The connector body 11 is provided with a mating interface 10 that receives a board connector 2 for mating. Mating interface 10 may be bounded by two arms 14 projecting from connector body 11. As shown in FIGS. 4 and 5, the board connector 2 may have a mating interface 24. In the embodiment illustrated, mating interface 24 may have a width that is less than the width of mating interface 10. Mating interface 24 may have a slot 25 lined with mating contacts. In this embodiment, the mating contacts (not numbered) line opposing sides of slot 25 top and bottom. In operation, connector 1 may be mated with connector 2 so that paddle card 13 is inserted into slot 25. The mating contacts within slot 25 may make contact to the pads on paddle card 13.

The bottom of board connector 2 may be connected to a circuit board 22, a portion of which is illustrated. In an electronic system, a printed circuit board 22 may have electronic components, in addition to connector 2 mounted to it. In some embodiments, board connector 2 may be mounted in a central portion of the printed circuit board 22.

Left and right sides of the board connector 2 are each provided with features that facilitate latching to connector 1. In the illustrated embodiment, those features are provided by an engagement block 21. The engagement blocks 21 may be formed as a portion of an insulative housing of connector 2, such as via a molding operation. The engagement blocks 21 may be separately formed and then attached to the connector housing, but in the embodiment illustrated, the engagement blocks 21 are integrally formed with the rest of the connector housing. In the illustrated embodiment, engagement blocks 21 are spaced to align with arms 14 of connector 1.

Each engagement block 21 has, in the illustrated embodiment, an engagement slot 211 at an end remote from the mating interface 24. To latch connector 1 to connector 2, the engagement arms 32 are engaged in the engagement slots 211. Accordingly, engagement arms 32 have a length that is at least as long as engagement block 21 is wide. Moreover, engagement slots 211 may have a back wall that is rounded so as to conform to the shape of rotating latch bar 3.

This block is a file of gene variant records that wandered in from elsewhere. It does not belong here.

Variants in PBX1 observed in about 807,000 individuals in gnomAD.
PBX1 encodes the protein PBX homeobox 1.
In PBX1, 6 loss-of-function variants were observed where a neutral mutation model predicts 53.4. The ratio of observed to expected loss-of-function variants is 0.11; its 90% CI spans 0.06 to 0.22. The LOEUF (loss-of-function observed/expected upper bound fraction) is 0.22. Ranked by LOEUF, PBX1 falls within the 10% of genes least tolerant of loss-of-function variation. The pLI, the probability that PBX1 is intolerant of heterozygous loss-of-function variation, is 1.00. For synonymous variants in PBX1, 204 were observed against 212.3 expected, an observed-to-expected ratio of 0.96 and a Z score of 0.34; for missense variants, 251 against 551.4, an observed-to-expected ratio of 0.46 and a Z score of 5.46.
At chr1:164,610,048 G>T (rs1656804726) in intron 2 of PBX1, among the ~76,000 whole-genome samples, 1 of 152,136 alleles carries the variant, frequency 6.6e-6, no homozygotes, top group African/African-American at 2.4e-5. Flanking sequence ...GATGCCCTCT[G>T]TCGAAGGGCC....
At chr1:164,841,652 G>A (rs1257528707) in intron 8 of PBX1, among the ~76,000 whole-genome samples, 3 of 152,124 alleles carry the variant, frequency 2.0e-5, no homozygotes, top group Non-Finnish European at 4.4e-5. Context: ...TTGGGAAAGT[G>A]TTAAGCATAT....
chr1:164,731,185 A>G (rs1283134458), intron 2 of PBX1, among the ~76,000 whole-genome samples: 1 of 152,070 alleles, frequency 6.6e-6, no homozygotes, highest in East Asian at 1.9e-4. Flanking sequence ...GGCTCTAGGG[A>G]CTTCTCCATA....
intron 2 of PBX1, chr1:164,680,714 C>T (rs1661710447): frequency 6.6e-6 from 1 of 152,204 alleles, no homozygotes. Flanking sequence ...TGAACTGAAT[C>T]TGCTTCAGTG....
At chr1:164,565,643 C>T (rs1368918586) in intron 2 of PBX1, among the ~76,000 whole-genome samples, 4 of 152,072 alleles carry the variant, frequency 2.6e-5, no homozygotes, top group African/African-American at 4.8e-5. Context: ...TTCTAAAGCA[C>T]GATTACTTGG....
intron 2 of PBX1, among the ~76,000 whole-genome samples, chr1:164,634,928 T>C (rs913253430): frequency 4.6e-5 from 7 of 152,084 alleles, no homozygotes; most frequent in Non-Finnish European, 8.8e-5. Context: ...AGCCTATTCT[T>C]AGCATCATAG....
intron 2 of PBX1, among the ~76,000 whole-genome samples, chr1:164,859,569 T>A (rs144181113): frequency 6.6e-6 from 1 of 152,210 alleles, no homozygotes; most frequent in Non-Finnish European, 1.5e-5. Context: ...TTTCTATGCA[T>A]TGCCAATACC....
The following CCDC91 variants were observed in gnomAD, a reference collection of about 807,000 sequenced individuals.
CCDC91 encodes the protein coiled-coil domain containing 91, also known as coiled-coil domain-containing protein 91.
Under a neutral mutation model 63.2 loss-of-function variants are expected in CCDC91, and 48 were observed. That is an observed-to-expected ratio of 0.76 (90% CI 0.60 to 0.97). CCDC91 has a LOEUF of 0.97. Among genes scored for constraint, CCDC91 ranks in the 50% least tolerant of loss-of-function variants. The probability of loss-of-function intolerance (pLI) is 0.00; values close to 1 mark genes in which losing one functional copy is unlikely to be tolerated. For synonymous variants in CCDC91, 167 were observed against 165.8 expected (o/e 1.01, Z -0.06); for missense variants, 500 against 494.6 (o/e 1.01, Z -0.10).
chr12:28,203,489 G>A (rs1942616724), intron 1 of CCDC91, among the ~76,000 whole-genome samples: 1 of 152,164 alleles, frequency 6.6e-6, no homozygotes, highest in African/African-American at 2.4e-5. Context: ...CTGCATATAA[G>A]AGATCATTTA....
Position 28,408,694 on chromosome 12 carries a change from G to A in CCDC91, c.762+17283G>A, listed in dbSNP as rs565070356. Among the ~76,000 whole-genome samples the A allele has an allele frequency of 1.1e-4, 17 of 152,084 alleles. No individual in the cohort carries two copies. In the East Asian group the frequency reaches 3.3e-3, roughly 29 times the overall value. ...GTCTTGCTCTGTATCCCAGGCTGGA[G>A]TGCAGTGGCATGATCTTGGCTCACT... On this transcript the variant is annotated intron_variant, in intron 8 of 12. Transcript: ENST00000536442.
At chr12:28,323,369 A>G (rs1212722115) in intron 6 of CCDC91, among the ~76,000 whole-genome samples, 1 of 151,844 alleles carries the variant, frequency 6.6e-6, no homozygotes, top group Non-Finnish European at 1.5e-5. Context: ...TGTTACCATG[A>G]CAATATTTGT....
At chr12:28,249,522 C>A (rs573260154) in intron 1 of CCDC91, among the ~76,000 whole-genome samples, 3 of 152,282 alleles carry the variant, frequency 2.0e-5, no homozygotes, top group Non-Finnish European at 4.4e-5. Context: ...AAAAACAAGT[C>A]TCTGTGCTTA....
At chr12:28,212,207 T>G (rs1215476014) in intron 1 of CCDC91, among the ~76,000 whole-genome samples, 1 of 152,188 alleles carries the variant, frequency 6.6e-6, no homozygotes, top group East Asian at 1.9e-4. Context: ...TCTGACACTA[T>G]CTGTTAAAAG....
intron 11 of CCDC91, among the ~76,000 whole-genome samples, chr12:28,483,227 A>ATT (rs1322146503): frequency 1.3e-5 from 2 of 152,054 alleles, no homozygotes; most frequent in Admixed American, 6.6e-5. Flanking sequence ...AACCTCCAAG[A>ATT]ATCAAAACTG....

The engagement block 21 is provided with a projection 212 at an end close to the cable connector 1, and arm 14 is provided with a recess 12 for engaging with the projection 212. The board connector 2 is provided with an inclined face 23 at an end remote from the cable connector 1. In the illustrated embodiment, inclined face 23 is inclined at an angle of approximately 45 degrees with respect to a surface of connector 2 mounted against board 22. In other embodiments, the angle of incline may be in the range of 40 to 50 degrees or between 30 and 40 degrees. The angle of incline of second connecting arms 34 relative to connecting bar 31 may be in these ranges, too, such that latch bar 3 follows the contour of inclined face 23. Inclined face 23, in addition to providing clearance for latch bar 3 as it rotates, provides a surface that, when downward pressure is applied on rotating latch bar 3, guides the forward, engagement end, of latch bar 3 into engagement slot 211.